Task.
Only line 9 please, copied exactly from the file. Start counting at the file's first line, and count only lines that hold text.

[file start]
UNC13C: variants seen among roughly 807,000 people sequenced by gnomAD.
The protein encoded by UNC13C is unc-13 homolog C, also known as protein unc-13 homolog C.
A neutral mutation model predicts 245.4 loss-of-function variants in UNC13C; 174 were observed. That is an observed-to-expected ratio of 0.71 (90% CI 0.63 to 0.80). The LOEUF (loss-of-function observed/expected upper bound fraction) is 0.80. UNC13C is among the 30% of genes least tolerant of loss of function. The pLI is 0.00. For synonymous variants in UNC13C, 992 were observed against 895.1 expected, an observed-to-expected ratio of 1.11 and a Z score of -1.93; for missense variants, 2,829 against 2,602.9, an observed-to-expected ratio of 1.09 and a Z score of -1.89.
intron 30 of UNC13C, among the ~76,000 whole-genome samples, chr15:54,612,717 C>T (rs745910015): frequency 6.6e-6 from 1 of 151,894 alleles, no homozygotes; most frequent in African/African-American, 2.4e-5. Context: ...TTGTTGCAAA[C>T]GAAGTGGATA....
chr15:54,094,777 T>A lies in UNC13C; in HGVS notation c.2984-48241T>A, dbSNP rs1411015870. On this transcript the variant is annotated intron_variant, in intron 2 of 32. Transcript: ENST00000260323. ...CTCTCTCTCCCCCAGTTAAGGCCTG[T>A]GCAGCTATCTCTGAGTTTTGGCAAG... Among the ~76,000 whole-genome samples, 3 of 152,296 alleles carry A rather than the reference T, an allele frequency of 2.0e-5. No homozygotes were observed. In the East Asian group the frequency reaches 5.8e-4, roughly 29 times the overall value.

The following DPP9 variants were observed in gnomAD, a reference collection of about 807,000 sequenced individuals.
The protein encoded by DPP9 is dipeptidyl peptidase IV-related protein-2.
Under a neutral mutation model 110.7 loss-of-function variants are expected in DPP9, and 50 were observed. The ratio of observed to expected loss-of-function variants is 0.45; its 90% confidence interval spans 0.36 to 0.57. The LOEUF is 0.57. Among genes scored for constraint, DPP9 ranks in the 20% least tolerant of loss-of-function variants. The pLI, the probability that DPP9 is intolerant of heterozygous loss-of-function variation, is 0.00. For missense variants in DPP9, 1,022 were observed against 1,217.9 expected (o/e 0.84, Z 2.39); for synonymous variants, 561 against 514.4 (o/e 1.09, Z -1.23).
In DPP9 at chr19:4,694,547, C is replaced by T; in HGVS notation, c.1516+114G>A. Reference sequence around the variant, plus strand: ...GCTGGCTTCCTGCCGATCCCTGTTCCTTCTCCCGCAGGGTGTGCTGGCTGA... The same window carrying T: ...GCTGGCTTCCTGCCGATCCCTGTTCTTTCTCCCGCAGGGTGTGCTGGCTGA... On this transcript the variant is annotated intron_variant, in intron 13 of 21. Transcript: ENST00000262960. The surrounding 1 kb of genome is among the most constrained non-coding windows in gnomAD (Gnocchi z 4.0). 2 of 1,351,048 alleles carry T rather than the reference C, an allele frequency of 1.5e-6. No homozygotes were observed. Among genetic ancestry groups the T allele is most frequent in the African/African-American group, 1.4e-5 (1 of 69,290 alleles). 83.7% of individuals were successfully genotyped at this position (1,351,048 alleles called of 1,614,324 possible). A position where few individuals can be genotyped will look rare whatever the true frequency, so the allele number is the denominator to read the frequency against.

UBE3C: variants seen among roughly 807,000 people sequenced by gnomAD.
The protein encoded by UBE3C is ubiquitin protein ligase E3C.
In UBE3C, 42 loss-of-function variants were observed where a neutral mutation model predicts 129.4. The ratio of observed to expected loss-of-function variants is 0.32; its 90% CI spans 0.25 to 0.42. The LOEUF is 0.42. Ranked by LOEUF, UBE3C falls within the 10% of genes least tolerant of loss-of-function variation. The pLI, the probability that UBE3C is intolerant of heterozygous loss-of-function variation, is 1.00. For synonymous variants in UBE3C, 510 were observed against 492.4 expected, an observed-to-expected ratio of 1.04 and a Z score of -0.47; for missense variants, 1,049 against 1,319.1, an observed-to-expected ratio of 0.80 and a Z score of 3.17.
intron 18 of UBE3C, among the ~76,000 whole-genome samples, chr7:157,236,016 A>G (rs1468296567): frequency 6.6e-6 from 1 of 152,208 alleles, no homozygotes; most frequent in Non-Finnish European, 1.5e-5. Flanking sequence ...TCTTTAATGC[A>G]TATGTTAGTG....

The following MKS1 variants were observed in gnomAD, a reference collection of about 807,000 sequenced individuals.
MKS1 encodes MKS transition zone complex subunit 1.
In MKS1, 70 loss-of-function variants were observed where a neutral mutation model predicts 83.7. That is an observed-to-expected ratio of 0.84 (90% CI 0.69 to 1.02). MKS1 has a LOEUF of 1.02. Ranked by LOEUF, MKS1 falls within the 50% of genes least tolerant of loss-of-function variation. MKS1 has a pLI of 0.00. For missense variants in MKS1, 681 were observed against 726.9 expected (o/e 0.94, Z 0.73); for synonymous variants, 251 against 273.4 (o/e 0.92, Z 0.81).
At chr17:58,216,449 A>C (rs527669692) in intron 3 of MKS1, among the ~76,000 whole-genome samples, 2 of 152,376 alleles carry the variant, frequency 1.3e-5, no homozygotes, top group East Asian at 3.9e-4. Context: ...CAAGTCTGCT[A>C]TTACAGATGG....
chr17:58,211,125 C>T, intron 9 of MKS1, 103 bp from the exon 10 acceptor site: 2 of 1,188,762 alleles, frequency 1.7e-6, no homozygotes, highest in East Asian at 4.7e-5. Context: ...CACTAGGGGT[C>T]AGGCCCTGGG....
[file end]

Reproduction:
In DPP9 at chr19:4,694,547, C is replaced by T; in HGVS notation, c.1516+114G>A. Reference sequence around the variant, plus strand: ...GCTGGCTTCCTGCCGATCCCTGTTCCTTCTCCCGCAGGGTGTGCTGGCTGA... The same window carrying T: ...GCTGGCTTCCTGCCGATCCCTGTTCTTTCTCCCGCAGGGTGTGCTGGCTGA... On this transcript the variant is annotated intron_variant, in intron 13 of 21. Transcript: ENST00000262960. The surrounding 1 kb of genome is among the most constrained non-coding windows in gnomAD (Gnocchi z 4.0). 2 of 1,351,048 alleles carry T rather than the reference C, an allele frequency of 1.5e-6. No homozygotes were observed. Among genetic ancestry groups the T allele is most frequent in the African/African-American group, 1.4e-5 (1 of 69,290 alleles). 83.7% of individuals were successfully genotyped at this position (1,351,048 alleles called of 1,614,324 possible). A position where few individuals can be genotyped will look rare whatever the true frequency, so the allele number is the denominator to read the frequency against.